Pictured from the left are James Robson and Dai Hayward of Micropore, Mark Wilcockson of the British Business Bank and Simon Crabtree of Mercia
A Tees Valley business which has developed a multi-award winning chemicals technology has secured an £860,000 investment, which includes £750,000 from NPIF - Mercia Equity Finance, which is managed by Mercia Fund Managers and is part of the Northern Powerhouse Investment Fund. The additional investment is from UK Steel Enterprise (UKSE).
Micropore Technologies’ innovation allows manufacturers to create more stable emulsions and, in many cases, eliminate waste. It has wide-ranging applications in sectors from pharmaceuticals and agrochemicals to personal care and household products, inks and agrochemicals, food and drink and even rocket fuel. The novel membrane technology can create droplets of exactly the right size and disperse them evenly within emulsions at any scale from initial laboratory investigation to full-scale, multi-tonne manufacturing.
It can be used to make low-fat and reduced sugar confectionery by dispersing water-based ingredients in fatty foods like chocolate, to create particles for the controlled release of cancer drugs, or to deliver nutrients whilst masking unpleasant tastes.
Established as a spin-out of Loughborough University, Micropore is now based in Redcar with a US sales office in Raleigh, North Carolina. Following a period of successful product development, the company is now attracting orders from customers worldwide. The investment will allow it to expand its local manufacturing facility and its business development team. The latest funding round brings the total raised by the company to around £1.5m.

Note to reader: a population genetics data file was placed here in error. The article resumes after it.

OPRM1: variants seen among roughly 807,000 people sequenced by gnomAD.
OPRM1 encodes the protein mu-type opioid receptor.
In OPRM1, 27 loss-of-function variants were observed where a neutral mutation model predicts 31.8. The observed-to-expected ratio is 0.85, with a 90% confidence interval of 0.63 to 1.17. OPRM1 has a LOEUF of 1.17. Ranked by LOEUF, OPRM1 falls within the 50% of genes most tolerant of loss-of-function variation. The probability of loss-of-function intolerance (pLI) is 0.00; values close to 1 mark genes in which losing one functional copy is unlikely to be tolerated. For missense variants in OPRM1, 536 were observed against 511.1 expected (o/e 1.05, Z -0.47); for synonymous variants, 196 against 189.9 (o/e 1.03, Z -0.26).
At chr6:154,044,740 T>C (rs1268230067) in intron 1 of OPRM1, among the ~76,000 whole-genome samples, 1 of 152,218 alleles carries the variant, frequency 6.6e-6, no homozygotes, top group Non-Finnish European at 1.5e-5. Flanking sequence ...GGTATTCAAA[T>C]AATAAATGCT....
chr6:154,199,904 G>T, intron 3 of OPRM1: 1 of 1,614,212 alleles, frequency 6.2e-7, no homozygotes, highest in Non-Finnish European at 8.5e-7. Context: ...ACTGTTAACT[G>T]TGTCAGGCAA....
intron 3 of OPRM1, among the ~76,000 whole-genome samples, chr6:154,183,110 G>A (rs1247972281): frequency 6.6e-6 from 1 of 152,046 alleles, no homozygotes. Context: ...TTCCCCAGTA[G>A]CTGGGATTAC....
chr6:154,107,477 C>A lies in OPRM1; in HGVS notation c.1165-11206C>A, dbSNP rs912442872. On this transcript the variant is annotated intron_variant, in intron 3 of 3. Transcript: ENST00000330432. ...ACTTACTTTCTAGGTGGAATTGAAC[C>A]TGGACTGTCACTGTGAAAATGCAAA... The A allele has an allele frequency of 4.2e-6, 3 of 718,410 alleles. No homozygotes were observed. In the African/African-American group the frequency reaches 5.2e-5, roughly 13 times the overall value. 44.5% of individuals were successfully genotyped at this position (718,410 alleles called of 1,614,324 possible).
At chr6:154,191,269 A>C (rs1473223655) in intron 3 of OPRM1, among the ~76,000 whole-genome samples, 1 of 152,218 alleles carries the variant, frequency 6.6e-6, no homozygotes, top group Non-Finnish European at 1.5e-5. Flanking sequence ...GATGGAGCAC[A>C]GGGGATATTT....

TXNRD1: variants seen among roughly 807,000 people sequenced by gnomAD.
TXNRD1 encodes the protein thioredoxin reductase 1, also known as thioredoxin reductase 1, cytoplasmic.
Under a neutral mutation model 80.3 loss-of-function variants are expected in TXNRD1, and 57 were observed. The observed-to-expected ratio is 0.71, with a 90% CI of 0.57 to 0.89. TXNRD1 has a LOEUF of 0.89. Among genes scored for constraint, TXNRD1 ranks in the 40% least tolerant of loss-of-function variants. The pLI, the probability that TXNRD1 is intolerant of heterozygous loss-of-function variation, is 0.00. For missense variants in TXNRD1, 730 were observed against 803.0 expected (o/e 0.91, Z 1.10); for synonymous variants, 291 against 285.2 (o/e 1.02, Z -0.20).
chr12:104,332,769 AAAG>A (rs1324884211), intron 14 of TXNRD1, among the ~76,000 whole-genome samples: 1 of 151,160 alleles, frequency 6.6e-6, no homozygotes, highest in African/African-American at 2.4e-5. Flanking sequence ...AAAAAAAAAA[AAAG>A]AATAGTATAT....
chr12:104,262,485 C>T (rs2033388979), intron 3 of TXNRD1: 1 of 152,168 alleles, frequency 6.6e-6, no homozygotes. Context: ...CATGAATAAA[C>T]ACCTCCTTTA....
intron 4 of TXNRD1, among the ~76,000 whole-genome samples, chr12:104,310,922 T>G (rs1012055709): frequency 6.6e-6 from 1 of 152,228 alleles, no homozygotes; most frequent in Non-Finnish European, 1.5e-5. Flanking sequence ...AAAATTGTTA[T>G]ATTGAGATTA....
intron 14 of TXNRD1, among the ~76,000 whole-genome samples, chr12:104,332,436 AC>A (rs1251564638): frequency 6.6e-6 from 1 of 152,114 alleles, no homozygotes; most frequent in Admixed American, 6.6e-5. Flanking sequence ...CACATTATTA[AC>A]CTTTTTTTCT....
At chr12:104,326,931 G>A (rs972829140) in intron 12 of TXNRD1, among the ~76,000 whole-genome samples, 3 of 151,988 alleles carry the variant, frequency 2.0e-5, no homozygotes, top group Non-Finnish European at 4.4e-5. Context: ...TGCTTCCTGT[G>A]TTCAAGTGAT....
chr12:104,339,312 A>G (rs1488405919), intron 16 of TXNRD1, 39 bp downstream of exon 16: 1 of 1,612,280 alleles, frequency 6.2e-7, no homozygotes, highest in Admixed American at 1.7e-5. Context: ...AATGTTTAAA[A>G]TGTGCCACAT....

Dai Hayward, CEO of Micropore, said: “After years of patient technology and product development Micropore has proved its products and markets and is ready for rapid growth. New investment from NPIF – Mercia Equity Finance, together with continuing investment by UKSE provide the vehicle to achieve those global growth ambitions.”
Simon Crabtree, Investment Manager at Mercia, said: “We think Micropore’s technology is a fine example of British engineering and that it provides an effective and scaleable solution for its target customers. This funding will allow the company to expand its reach into new geographical areas and new market sectors.”
Sarah Thorpe, Area Manager for UK Steel Enterprise, the business-support subsidiary of Tata Steel, said: “We are pleased to be continuing our support for Micropore Technologies with a third investment. Micropore is an innovative company with a highly experienced management team and, since our first investment in 2016, we have seen the company successfully take its leading-edge technology from laboratory to full scale manufacture.”
Ben Houchen, Tees Valley Mayor, said: “The Tees Valley is a centre of excellence for the UK chemical industry with 60 percent of the chemicals produced in the UK made or processed here in Teesside. Micropore Technologies’ breakthrough is testament to the ingenuity and innovative thinking that you find in so many businesses in our region.
“In the last 18 months NPIF has invested over £8million in 27 companies based in the Tees Valley, supporting their growth and expansion and the creation of good quality, well paid jobs for local people.
“The investment secured by Dai and his team is well deserved and I look forward to seeing the company go from strength to strength.”
Mark Wilcockson, Senior Manager at British Business Bank, said: “We are pleased that NPIF continues to support high-growth businesses in the Tees Valley, providing vital funding to enable job creation and expansion into new markets. This investment demonstrates how this funding can make a real and measurable difference to businesses across the Northern Powerhouse region, which helps create a more prosperous regional economy.”
The Northern Powerhouse Investment Fund project is supported financially by the European Union using funding from the European Regional Development Fund (ERDF) as part of the European Structural and Investment Funds Growth Programme 2014-2020 and the European Investment Bank.